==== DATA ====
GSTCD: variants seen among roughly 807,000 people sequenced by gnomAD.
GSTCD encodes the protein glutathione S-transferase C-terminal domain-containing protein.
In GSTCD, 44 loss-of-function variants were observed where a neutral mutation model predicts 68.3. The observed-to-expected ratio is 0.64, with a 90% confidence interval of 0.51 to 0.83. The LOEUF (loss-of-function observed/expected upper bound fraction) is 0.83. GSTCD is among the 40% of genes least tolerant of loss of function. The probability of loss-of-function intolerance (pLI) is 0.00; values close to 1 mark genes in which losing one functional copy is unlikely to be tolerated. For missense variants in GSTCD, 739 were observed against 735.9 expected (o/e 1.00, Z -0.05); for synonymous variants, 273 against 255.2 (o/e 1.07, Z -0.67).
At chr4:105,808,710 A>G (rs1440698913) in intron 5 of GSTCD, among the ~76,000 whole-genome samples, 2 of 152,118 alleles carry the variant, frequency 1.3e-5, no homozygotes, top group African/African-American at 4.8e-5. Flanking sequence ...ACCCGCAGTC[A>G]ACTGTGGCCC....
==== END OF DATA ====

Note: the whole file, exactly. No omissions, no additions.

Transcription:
GSTCD: variants seen among roughly 807,000 people sequenced by gnomAD.
GSTCD encodes the protein glutathione S-transferase C-terminal domain-containing protein.
In GSTCD, 44 loss-of-function variants were observed where a neutral mutation model predicts 68.3. The observed-to-expected ratio is 0.64, with a 90% confidence interval of 0.51 to 0.83. The LOEUF (loss-of-function observed/expected upper bound fraction) is 0.83. GSTCD is among the 40% of genes least tolerant of loss of function. The probability of loss-of-function intolerance (pLI) is 0.00; values close to 1 mark genes in which losing one functional copy is unlikely to be tolerated. For missense variants in GSTCD, 739 were observed against 735.9 expected (o/e 1.00, Z -0.05); for synonymous variants, 273 against 255.2 (o/e 1.07, Z -0.67).
At chr4:105,808,710 A>G (rs1440698913) in intron 5 of GSTCD, among the ~76,000 whole-genome samples, 2 of 152,118 alleles carry the variant, frequency 1.3e-5, no homozygotes, top group African/African-American at 4.8e-5. Flanking sequence ...ACCCGCAGTC[A>G]ACTGTGGCCC....